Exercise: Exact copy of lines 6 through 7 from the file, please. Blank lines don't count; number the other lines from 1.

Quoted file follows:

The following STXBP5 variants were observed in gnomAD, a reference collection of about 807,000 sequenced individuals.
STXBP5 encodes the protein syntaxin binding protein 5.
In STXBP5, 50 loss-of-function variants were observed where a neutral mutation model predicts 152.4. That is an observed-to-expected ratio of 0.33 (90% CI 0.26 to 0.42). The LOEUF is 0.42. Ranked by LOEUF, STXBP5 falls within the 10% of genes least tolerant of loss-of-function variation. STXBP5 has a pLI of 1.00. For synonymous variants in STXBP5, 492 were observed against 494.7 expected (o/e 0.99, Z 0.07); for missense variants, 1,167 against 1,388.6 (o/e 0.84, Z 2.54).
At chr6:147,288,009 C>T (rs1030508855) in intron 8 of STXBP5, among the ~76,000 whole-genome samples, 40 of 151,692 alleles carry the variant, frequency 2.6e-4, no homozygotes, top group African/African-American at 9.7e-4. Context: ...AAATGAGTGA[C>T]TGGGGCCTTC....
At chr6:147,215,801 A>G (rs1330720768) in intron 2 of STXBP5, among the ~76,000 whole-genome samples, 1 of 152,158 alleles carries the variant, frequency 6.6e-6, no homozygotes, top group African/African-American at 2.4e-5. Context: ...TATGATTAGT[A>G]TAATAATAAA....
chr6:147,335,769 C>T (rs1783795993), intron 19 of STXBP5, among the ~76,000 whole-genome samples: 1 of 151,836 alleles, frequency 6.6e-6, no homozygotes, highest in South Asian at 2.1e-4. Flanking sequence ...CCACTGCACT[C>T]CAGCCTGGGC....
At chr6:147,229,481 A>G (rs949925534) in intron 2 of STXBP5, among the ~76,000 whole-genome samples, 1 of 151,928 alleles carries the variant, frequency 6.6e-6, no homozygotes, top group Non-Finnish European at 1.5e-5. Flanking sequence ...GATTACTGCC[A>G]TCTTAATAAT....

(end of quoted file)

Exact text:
chr6:147,335,769 C>T (rs1783795993), intron 19 of STXBP5, among the ~76,000 whole-genome samples: 1 of 151,836 alleles, frequency 6.6e-6, no homozygotes, highest in South Asian at 2.1e-4. Flanking sequence ...CCACTGCACT[C>T]CAGCCTGGGC....
At chr6:147,229,481 A>G (rs949925534) in intron 2 of STXBP5, among the ~76,000 whole-genome samples, 1 of 151,928 alleles carries the variant, frequency 6.6e-6, no homozygotes, top group Non-Finnish European at 1.5e-5. Flanking sequence ...GATTACTGCC[A>G]TCTTAATAAT....